“I am trying to break necks and cash checks. UFC, Dana White, put me back in here,” said Elder after his welterweight victory. “I want to make some moneeeeeeeey!”

UFC has come a long way since holding its first two championship events in Denver in November 1993 and March 1994. It’s a coed sport now. Ball Arena featured entertaining women’s fights — Rose Namajunas and Tracy Cortez were the headliners — and “U-S-A!” chants for flyweight Fatima Kline. She lost to Jasmine Jasudavicius, who told the heckling crowd to “shut up!”

UFC has figured out how to entertain, how to market, how to deliver. It has done an amazing job branding itself as a reality show, and Elder’s post-fight address is exactly the type of moment that resonates with the audience on screen and in the arena. There is candor, bravado, vulgarity and vulnerability rarely seen at the podium following an NFL, NBA or MLB game.

The UFC feels everywhere. It is omnipresent on ESPN through classic highlights, contender shows and “The Ultimate Fighter.” And the sport’s best rarely, if ever, duck each other. UFC soared in popularity during the COVID-19 pandemic. While many sports struggled to survive, UFC thrived, matching the NFL in its desire to move forward against an avalanche of criticism. The draw is undeniable based on sold-out bouts, and eyeballs on TVs. It features fights locally, globally and the product is endlessly and easily available through streaming.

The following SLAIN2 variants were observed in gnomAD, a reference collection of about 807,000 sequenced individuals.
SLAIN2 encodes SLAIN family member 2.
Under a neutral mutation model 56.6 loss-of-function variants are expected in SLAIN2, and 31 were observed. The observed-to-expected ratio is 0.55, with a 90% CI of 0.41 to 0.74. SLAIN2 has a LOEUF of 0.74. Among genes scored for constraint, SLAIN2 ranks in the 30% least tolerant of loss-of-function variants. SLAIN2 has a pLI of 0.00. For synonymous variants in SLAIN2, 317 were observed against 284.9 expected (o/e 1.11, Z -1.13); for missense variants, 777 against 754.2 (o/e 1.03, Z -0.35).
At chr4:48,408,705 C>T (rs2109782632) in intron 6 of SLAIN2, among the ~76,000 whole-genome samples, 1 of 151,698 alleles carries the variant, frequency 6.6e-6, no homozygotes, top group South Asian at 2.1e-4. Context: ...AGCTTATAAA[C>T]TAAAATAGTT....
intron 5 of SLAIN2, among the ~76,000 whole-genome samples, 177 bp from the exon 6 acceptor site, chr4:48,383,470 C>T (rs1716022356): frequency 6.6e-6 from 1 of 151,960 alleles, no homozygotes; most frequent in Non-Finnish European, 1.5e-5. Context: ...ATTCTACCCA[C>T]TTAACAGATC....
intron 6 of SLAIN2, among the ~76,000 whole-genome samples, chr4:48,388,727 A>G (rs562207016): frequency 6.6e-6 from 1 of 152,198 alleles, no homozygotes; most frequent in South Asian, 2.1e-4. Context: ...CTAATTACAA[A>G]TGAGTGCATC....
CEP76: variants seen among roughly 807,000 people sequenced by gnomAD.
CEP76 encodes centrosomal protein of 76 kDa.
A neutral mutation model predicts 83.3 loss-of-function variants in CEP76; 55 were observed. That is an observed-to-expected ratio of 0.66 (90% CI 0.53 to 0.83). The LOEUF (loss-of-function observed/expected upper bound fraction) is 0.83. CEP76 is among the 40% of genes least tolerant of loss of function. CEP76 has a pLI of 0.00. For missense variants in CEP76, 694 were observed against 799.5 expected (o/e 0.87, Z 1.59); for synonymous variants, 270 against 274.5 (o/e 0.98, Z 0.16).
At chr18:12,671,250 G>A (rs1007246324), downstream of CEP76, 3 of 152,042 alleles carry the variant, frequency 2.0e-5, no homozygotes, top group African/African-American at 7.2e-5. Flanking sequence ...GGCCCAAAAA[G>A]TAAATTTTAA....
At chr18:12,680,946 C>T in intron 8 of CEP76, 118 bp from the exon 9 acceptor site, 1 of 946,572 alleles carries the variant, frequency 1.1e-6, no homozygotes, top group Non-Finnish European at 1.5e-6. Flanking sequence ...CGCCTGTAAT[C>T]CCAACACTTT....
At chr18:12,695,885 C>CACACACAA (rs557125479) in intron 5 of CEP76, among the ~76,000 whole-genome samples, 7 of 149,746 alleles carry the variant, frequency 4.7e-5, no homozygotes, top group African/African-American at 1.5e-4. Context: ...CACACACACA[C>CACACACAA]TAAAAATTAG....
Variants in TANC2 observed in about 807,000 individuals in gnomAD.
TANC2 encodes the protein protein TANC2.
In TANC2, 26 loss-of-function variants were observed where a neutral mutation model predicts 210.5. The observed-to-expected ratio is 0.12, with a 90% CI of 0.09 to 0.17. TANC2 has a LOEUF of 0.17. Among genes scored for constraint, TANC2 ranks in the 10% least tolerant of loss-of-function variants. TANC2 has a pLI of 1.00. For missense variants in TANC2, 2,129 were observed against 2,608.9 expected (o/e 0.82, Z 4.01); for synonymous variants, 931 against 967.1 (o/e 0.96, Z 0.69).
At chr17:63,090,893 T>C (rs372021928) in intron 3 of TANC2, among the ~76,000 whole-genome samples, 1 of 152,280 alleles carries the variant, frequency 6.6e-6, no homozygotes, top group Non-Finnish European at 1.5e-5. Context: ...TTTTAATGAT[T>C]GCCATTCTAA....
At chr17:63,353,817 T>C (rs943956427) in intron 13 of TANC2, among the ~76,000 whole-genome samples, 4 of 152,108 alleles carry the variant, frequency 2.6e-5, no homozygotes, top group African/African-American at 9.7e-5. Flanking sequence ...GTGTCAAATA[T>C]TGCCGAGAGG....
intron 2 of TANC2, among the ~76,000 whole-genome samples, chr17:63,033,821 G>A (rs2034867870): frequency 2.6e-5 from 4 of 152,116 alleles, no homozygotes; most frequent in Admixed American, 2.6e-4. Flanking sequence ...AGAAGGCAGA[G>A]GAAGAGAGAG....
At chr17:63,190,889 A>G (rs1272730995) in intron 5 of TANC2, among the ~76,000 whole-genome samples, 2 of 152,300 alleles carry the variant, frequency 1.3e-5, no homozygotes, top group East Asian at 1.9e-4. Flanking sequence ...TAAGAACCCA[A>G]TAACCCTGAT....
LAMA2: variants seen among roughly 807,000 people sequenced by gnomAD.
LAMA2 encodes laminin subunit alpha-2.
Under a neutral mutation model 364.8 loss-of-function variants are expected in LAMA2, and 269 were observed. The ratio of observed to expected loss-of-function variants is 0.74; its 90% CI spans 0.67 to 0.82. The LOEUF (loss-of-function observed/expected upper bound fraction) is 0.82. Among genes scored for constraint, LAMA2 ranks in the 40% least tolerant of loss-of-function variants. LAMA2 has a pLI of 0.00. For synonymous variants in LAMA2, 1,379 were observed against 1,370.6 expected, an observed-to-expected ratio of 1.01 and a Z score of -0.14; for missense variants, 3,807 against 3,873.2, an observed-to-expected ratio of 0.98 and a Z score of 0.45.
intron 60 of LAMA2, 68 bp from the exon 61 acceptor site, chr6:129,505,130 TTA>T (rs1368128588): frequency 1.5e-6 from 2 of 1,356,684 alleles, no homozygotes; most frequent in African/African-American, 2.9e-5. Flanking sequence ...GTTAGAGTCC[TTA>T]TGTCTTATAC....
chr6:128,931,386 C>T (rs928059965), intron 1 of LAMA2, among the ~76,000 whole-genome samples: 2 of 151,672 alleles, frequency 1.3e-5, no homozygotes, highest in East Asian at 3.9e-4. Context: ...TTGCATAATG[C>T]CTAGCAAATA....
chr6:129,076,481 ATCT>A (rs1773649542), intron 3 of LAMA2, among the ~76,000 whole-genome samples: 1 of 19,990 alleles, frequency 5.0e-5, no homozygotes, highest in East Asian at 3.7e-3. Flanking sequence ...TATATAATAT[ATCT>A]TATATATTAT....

In-person, the raw appeal possesses a pull that makes me hope there is not another six-year pause between UFC events at Ball Arena. There is a gladiator nature with these men and women. These fighters do what we can’t do and won’t do. They train with the discipline of a monk. They eat like a jockey and compete like they are on a ledge with only one cushion available on the ground below.

There is accountability to how it plays. No teammates to blame. No fingers to point at officials. We know they are great athletes. But who is the toughest?

It is a loaded question because it requires such a diverse skill set. The first eight fights included three submissions, two decisions, a no contest — Cody Brundage was illegally elbowed multiple times in the head; not cool — and a pair of knockouts, one 18 seconds into the bout.

When Josh Fremd entered the arena in the second preliminary fight, he was embraced like a long, lost friend, showered in applause. He is from Pittsburgh but has trained in Denver for more than a decade. This night provided an opportunity “to make a statement.” Instead, the only appropriate description 15 minutes later was buzzkill. His opponent Andre Petroski took the fight to the mat, laying on and outmuscling Fremd.

He blocked out the merciless boos to win a decision that featured few memorable snapshots beyond Fremd’s running knee to Petroski’s ribs. Fans entertained themselves with Rick Flair “Woooooo!” chants throughout the final two rounds.

The bout required an appreciation for the science of winning on the mat and provided the first negative feedback about the Mile High City.

“There’s no (bleeping) air up here,” said Petroski in the ring afterward. “(Wrestling) was the only game plan to win. It sucks. But, you have to do what you have to do to get the win. I couldn’t take risks.”

Part of the charm of the UFC is that the next fight can be the fight of the night, and can leave jaws agape. Bantamweight Montel Jackson delighted the packed arena, living up to his “Quik” nickname. Eighteen seconds into the first round, he floored Da’Mon Blackshear, catching him flush in the face with a straight left. Blackshear required medical attention before leaving the ring. Jackson thanked Blackshear for taking the fight on short notice, saying too many “chumps” don’t.

The crowd was not as familiar with his game, but they appreciated the jolt.

UFC is not for everyone. It is violent. It is dangerous. But that has always been the fight game, whether it was Jack Dempsey, Mike Tyson, Chuck Liddell or Anderson Silva.